According to O2’s(UK based telecommunications company), recently released report about smartphone usage, smartphones are being used in ways that are remarkably different from the way we used phones five years ago.
Smartphone users spend more time browsing the internet (25 minutes a day), social networking (17 minutes a day), playing games (14 minutes a day) and listening to music (16 minutes a day) than they do making calls (12 minutes).
We spend about 11 minutes a day on email, 10.2 minutes on text messaging and when you total it all up, we stare at our smartphones for a whopping 128 minutes i.e over 2 hours a day. Whoa! But wait there is more. The study shows that phone has also started to replace a range of other possessions:
- Over half (54%) use their phones in place of an alarm clock
- Almost half (46%) have dispensed with a watch in favor of using their smartphone
- Two-in-five (39%) have switched to use their phone instead of a separate camera
- Over one quarter use their phone instead of a laptop (28%)
- One in ten have got shot of a games console in favor of their handset (11%)
- Perhaps indicative of where things are moving, one in twenty smartphone users have switched to using their phone in place of a TV (6%) or reading physical books (6%)
All the usage can easily be explained by the power of touch and simplicity of our smarpthones. When we touch that phone, we don’t just touch a device and its screen, we make it part of ourselves. That touch is what turns an inanimate object into an extension of ourselves. The touch-ability is what prompts people to use the phone again and again. And in the process, it transforms our relationship with it. So, the phone now plays a far greater role in all aspects of our lives. Our smartphones are becoming general purpose nodes of connectivity, data capture, storage, processing, retrieval and display – less like telephones than microcomputers with multiple radio links. Moreover, for most people there is less effort involved in using a smart phone than using a desktop or laptop.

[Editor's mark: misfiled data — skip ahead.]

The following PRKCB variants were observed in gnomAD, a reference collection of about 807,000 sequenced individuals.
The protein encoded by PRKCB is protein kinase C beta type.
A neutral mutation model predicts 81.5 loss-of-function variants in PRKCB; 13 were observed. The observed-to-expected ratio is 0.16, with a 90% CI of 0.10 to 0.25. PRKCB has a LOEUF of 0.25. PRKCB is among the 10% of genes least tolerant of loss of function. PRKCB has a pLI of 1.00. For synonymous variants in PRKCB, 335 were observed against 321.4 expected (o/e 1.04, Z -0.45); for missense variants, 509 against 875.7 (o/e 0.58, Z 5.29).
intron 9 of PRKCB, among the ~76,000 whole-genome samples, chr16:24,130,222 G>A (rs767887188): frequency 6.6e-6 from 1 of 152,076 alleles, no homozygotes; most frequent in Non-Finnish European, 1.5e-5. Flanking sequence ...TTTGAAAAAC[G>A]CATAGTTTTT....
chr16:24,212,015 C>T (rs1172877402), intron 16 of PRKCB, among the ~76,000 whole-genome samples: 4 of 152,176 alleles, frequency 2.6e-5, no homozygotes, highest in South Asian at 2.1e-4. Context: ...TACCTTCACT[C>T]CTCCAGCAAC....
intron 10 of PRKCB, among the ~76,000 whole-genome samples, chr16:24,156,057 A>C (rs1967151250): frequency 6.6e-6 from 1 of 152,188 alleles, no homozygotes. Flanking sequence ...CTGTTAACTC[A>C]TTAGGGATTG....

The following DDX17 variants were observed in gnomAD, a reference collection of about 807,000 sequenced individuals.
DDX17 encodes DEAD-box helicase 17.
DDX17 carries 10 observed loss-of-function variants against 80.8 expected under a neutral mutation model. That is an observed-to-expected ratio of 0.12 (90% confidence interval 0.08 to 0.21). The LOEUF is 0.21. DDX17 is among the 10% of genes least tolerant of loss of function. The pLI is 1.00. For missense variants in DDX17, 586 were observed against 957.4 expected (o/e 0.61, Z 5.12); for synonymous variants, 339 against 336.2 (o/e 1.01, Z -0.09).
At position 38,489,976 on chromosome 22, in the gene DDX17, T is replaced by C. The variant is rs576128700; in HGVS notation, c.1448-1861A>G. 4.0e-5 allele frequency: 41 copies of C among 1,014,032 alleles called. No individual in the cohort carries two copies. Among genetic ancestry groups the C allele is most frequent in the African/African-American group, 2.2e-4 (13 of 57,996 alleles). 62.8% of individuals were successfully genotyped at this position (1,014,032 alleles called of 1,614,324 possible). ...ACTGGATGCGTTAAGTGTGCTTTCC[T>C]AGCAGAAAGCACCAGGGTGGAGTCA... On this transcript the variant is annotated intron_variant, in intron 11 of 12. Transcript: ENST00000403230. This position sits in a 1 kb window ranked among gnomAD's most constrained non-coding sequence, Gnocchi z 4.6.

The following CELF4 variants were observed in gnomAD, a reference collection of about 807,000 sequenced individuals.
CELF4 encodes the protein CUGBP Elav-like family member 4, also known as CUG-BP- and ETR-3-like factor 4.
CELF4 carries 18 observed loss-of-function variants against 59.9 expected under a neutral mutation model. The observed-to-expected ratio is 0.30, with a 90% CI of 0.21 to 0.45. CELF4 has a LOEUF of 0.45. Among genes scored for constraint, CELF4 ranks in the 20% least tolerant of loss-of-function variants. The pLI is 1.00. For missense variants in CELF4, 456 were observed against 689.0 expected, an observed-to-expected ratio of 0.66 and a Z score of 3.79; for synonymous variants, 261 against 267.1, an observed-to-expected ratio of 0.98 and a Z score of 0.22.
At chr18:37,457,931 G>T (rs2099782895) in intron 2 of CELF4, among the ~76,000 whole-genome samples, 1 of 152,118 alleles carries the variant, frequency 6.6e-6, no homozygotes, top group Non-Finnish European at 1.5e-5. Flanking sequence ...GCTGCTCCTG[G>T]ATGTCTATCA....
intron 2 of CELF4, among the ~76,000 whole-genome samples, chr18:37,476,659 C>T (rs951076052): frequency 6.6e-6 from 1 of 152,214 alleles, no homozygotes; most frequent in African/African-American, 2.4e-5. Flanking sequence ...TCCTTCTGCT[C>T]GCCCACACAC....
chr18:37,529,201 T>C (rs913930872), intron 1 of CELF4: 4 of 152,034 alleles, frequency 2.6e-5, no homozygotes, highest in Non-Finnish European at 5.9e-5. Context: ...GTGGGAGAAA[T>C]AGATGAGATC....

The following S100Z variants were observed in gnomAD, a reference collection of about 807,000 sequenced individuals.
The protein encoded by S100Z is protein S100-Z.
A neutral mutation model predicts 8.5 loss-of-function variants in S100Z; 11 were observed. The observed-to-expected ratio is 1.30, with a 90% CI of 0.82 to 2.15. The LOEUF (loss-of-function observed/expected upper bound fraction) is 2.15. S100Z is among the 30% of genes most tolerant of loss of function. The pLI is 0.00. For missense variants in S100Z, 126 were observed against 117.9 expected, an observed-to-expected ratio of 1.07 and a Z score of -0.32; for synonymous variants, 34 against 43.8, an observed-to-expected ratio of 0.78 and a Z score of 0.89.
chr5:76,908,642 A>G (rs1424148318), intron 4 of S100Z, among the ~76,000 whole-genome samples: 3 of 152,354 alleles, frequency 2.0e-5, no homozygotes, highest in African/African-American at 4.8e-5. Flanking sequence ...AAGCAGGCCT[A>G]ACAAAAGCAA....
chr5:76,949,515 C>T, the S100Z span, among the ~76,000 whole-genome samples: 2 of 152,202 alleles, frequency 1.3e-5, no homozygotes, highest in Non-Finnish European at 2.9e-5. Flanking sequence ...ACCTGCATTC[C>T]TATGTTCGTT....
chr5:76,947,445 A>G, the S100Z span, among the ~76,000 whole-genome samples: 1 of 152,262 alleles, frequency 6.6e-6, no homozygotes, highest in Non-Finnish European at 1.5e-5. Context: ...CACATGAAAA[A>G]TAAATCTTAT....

With touch and the Internet, smartphones have started to treat voice calls and now SMS as what they really are – apps on the IP network. Just as we don’t use computers mainly to compute, we no longer use phones mainly to phone. The name represents the origin, not the overall use or purpose. And that is why all these non-phone call behaviors and uses make me wonder – isn’t it time to just stop calling these as smartphones. What do you think?